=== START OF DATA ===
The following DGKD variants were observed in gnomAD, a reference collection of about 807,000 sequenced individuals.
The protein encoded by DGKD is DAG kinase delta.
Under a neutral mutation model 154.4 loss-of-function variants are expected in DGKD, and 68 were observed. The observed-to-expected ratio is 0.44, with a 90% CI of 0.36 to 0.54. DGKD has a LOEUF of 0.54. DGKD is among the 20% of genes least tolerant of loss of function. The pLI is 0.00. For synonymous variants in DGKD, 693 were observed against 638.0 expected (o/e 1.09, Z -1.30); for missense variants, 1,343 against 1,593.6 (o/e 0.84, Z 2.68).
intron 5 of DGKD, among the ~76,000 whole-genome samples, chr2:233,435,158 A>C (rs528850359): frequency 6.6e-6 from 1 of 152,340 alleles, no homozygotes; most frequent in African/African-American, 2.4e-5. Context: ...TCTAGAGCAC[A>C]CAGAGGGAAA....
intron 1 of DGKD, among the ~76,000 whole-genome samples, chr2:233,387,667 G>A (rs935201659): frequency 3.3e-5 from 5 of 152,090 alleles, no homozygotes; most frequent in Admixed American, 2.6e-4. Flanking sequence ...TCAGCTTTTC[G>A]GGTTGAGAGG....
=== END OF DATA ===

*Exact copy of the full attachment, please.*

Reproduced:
The following DGKD variants were observed in gnomAD, a reference collection of about 807,000 sequenced individuals.
The protein encoded by DGKD is DAG kinase delta.
Under a neutral mutation model 154.4 loss-of-function variants are expected in DGKD, and 68 were observed. The observed-to-expected ratio is 0.44, with a 90% CI of 0.36 to 0.54. DGKD has a LOEUF of 0.54. DGKD is among the 20% of genes least tolerant of loss of function. The pLI is 0.00. For synonymous variants in DGKD, 693 were observed against 638.0 expected (o/e 1.09, Z -1.30); for missense variants, 1,343 against 1,593.6 (o/e 0.84, Z 2.68).
intron 5 of DGKD, among the ~76,000 whole-genome samples, chr2:233,435,158 A>C (rs528850359): frequency 6.6e-6 from 1 of 152,340 alleles, no homozygotes; most frequent in African/African-American, 2.4e-5. Context: ...TCTAGAGCAC[A>C]CAGAGGGAAA....
intron 1 of DGKD, among the ~76,000 whole-genome samples, chr2:233,387,667 G>A (rs935201659): frequency 3.3e-5 from 5 of 152,090 alleles, no homozygotes; most frequent in Admixed American, 2.6e-4. Flanking sequence ...TCAGCTTTTC[G>A]GGTTGAGAGG....